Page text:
Editorial: Reassessment of Clinical Practice Guidelines - Go Gently Into That Good Night

In an accompanying editorial, Terrence M. Shaneyfelt, M.D., M.P.H., and Robert M. Centor, M.D., of the University of Alabama School of Medicine, Birmingham, write that if clinical practice guidelines are going to continue to exist, they need to undergo major changes.

"However, it seems unlikely that substantial change will occur because many guideline developers seem set in their ways. If all that can be produced are biased, minimally applicable consensus statements, perhaps guidelines should be avoided completely. Unless there is evidence of appropriate changes in the guideline process, clinicians and policy makers must reject calls for adherence to guidelines. Physicians would be better off making clinical decisions based on valid primary data."


Story Source:

The above story is based on materials provided by JAMA and Archives Journals. Note: Materials may be edited for content and length.


Journal Reference:

  1. Pierluigi Tricoci; Joseph M. Allen; Judith M. Kramer; Robert M. Califf; Sidney C. Smith, Jr. Scientific Evidence Underlying the ACC/AHA Clinical Practice Guidelines. JAMA, 2009;301(8):831-841 [link]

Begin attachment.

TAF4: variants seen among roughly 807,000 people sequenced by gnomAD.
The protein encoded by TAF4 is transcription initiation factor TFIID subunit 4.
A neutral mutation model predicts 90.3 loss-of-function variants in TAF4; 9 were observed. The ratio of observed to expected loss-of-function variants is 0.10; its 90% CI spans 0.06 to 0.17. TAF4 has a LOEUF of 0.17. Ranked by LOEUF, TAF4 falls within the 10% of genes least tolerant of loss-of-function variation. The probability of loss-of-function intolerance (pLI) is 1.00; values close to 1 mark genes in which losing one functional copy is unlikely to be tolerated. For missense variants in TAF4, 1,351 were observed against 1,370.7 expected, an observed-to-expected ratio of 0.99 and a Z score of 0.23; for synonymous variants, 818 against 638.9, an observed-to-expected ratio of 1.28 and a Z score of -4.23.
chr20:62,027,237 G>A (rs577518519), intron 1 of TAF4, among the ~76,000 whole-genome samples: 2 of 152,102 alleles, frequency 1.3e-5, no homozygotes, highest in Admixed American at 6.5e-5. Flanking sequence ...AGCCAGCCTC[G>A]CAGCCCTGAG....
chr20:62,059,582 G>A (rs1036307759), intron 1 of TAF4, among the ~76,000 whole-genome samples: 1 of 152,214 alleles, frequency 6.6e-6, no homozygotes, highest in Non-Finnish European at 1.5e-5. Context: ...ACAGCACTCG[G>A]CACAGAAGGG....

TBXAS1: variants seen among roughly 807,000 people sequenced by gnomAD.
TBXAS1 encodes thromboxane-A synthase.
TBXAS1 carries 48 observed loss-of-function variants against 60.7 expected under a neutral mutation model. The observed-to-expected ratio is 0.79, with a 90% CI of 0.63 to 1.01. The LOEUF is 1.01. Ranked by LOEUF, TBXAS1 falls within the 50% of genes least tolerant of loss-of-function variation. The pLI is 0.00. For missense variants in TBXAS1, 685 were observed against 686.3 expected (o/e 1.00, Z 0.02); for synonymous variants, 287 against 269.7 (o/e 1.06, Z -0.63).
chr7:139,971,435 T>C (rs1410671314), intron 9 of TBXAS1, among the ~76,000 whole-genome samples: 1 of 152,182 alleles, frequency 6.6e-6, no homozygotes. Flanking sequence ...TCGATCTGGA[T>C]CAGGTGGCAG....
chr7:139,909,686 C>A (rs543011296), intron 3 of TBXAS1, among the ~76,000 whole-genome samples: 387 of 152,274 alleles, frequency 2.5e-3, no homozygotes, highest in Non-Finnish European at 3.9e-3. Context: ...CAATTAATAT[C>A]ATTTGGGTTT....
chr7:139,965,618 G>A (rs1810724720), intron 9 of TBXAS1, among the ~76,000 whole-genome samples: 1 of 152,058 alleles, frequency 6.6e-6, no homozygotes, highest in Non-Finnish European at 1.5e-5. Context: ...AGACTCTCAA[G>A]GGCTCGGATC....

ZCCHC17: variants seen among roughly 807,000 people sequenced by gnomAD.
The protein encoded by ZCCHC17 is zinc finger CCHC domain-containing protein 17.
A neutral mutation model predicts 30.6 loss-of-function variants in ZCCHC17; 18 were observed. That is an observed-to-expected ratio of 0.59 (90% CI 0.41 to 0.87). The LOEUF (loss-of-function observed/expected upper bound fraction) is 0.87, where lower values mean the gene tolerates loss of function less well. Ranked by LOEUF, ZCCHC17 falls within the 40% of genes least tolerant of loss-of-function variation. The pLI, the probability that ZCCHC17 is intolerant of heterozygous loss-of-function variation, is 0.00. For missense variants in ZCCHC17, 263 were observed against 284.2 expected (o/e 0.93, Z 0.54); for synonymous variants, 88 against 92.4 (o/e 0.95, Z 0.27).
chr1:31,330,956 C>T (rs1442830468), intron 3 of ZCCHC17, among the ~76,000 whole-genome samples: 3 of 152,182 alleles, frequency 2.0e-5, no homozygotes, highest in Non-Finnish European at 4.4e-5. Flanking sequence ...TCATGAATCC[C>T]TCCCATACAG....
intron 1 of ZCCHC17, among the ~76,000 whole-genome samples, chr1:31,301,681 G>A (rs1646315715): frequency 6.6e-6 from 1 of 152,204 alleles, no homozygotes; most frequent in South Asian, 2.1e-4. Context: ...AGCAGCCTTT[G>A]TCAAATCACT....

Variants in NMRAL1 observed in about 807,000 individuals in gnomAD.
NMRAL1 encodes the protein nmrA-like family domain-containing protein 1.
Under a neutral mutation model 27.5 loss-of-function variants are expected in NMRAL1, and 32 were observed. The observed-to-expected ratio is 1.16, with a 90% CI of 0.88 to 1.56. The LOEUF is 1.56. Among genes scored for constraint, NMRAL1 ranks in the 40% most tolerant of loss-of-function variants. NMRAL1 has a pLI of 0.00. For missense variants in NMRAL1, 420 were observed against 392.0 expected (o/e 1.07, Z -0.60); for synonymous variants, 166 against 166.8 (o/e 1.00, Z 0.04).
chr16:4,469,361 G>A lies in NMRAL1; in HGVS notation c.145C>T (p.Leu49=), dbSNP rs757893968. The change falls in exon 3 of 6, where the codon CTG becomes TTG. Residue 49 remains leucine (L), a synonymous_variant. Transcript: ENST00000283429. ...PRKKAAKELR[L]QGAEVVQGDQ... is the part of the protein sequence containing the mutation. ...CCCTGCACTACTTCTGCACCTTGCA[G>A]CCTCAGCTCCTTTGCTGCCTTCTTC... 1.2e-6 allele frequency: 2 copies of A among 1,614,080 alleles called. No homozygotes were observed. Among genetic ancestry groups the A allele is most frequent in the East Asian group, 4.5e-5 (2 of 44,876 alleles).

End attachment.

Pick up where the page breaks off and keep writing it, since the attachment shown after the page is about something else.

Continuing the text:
Cite This Page:

JAMA and Archives Journals. "Guidelines For Treating Patients With Cardiovascular Disease Often Based On Weaker Evidence." ScienceDaily. ScienceDaily, 24 February 2009. <www.sciencedaily.com/releases/2009/02/090224163606.htm>.
JAMA and Archives Journals. (2009, February 24). Guidelines For Treating Patients With Cardiovascular Disease Often Based On Weaker Evidence. ScienceDaily. Retrieved November 23, 2014 from www.sciencedaily.com/releases/2009/02/090224163606.htm
JAMA and Archives Journals. "Guidelines For Treating Patients With Cardiovascular Disease Often Based On Weaker Evidence." ScienceDaily. www.sciencedaily.com/releases/2009/02/090224163606.htm (accessed November 23, 2014).

Share This


More From ScienceDaily



More Health & Medicine News

Sunday, November 23, 2014

Featured Research

from universities, journals, and other organizations


Featured Videos

from AP, Reuters, AFP, and other news services

Ebola-Hit Sierra Leone's Late Cocoa Leaves Bitter Taste